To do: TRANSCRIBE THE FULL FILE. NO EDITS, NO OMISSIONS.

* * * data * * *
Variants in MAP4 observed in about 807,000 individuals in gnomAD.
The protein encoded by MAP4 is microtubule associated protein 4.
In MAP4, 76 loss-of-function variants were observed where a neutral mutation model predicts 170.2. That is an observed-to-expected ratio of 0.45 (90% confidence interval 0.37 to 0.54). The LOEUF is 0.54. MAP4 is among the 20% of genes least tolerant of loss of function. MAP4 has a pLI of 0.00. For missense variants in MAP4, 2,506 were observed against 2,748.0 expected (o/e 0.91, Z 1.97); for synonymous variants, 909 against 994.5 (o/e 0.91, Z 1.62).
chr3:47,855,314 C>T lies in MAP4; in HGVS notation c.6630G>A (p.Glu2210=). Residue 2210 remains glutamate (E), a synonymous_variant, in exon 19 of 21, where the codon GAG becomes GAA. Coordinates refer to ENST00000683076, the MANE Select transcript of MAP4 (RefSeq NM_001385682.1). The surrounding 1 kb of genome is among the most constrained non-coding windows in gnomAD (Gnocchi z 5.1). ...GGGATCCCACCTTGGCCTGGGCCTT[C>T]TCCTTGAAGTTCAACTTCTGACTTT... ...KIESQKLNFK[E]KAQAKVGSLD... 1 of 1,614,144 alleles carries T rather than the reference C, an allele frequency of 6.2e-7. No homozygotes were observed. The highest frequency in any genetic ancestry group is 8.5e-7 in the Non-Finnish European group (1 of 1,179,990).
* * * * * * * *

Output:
Variants in MAP4 observed in about 807,000 individuals in gnomAD.
The protein encoded by MAP4 is microtubule associated protein 4.
In MAP4, 76 loss-of-function variants were observed where a neutral mutation model predicts 170.2. That is an observed-to-expected ratio of 0.45 (90% confidence interval 0.37 to 0.54). The LOEUF is 0.54. MAP4 is among the 20% of genes least tolerant of loss of function. MAP4 has a pLI of 0.00. For missense variants in MAP4, 2,506 were observed against 2,748.0 expected (o/e 0.91, Z 1.97); for synonymous variants, 909 against 994.5 (o/e 0.91, Z 1.62).
chr3:47,855,314 C>T lies in MAP4; in HGVS notation c.6630G>A (p.Glu2210=). Residue 2210 remains glutamate (E), a synonymous_variant, in exon 19 of 21, where the codon GAG becomes GAA. Coordinates refer to ENST00000683076, the MANE Select transcript of MAP4 (RefSeq NM_001385682.1). The surrounding 1 kb of genome is among the most constrained non-coding windows in gnomAD (Gnocchi z 5.1). ...GGGATCCCACCTTGGCCTGGGCCTT[C>T]TCCTTGAAGTTCAACTTCTGACTTT... ...KIESQKLNFK[E]KAQAKVGSLD... 1 of 1,614,144 alleles carries T rather than the reference C, an allele frequency of 6.2e-7. No homozygotes were observed. The highest frequency in any genetic ancestry group is 8.5e-7 in the Non-Finnish European group (1 of 1,179,990).